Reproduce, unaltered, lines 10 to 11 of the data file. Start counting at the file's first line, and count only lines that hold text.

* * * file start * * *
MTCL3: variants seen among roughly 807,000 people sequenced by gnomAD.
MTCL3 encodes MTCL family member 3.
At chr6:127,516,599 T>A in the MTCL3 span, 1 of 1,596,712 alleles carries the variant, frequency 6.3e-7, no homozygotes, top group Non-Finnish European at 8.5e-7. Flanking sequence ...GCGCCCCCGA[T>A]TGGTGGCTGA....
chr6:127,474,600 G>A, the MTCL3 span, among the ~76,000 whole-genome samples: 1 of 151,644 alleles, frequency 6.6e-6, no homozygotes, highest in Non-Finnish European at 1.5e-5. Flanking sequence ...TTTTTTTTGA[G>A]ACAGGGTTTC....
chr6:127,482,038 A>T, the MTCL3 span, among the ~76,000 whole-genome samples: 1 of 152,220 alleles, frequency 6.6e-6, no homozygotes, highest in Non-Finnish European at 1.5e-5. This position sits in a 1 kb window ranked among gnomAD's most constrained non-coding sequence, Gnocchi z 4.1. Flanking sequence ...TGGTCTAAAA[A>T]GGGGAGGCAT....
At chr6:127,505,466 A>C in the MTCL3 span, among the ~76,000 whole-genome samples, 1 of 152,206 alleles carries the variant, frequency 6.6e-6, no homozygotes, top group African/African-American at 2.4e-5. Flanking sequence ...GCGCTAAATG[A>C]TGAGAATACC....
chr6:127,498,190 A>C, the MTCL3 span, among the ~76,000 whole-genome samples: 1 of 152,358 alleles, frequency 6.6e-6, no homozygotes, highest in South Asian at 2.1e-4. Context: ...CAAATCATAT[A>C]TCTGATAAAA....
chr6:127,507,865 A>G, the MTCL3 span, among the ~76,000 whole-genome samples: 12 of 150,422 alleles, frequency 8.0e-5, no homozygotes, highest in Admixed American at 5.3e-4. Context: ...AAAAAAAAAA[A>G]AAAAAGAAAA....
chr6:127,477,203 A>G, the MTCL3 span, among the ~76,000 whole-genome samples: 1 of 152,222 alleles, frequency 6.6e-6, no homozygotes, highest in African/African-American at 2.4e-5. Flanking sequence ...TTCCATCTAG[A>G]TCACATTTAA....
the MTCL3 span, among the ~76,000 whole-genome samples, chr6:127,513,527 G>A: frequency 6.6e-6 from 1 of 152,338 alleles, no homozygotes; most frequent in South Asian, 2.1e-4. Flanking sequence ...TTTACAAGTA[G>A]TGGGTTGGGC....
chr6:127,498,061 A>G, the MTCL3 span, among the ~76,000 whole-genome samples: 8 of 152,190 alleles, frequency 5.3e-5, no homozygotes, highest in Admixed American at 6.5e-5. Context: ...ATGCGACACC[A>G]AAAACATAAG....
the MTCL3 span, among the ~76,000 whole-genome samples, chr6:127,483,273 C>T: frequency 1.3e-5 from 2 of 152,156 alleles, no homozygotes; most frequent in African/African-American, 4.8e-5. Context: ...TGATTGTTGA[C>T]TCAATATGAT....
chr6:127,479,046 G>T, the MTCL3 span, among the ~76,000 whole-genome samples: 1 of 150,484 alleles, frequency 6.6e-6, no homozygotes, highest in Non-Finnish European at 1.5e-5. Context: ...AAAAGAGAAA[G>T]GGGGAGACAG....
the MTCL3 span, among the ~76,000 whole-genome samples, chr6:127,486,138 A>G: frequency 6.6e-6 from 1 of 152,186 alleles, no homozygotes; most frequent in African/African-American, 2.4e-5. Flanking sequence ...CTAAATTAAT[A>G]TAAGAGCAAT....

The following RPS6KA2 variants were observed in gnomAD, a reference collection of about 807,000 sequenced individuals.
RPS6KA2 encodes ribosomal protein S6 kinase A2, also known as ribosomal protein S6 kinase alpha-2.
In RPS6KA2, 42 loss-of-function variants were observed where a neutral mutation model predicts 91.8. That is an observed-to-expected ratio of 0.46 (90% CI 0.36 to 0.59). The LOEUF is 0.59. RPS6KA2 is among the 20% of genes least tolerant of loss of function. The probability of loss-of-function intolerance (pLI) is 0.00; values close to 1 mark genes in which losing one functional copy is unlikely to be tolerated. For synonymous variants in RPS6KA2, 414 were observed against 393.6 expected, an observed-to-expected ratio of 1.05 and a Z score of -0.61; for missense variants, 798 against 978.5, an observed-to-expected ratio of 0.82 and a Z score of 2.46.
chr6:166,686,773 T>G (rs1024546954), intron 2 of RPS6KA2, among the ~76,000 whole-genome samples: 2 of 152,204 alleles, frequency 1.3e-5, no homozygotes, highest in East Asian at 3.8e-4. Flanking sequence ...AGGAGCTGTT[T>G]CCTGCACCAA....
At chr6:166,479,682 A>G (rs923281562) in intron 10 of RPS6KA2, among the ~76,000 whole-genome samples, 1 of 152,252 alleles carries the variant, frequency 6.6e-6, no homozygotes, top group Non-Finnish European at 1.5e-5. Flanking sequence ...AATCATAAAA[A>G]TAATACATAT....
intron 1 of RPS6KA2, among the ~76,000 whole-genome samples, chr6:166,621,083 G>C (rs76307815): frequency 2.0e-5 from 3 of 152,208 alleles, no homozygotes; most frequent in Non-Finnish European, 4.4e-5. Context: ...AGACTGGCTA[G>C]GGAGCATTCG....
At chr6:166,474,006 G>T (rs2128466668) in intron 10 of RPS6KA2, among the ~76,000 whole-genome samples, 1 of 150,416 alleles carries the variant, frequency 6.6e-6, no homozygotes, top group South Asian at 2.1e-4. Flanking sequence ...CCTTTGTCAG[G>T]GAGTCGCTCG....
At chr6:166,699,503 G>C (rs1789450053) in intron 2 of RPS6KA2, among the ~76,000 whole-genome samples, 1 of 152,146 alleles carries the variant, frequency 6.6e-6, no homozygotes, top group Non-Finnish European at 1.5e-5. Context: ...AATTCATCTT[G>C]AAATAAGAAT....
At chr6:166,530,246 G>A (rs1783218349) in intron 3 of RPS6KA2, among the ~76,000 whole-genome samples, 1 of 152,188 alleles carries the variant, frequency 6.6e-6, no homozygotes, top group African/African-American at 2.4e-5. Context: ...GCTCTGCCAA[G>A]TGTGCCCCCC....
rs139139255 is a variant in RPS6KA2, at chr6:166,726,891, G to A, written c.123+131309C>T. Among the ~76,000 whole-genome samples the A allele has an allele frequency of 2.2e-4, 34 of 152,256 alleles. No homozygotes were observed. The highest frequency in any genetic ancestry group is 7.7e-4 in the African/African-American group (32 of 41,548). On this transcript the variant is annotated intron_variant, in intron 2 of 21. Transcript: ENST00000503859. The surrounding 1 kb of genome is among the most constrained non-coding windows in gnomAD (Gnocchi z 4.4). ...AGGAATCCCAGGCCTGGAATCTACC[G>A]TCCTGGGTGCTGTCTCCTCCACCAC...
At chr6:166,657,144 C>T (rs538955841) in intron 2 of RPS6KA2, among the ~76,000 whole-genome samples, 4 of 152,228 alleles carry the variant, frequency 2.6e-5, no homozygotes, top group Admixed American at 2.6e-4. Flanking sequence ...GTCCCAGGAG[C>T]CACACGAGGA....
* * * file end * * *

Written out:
the MTCL3 span, among the ~76,000 whole-genome samples, chr6:127,513,527 G>A: frequency 6.6e-6 from 1 of 152,338 alleles, no homozygotes; most frequent in South Asian, 2.1e-4. Flanking sequence ...TTTACAAGTA[G>A]TGGGTTGGGC....
chr6:127,498,061 A>G, the MTCL3 span, among the ~76,000 whole-genome samples: 8 of 152,190 alleles, frequency 5.3e-5, no homozygotes, highest in Admixed American at 6.5e-5. Context: ...ATGCGACACC[A>G]AAAACATAAG....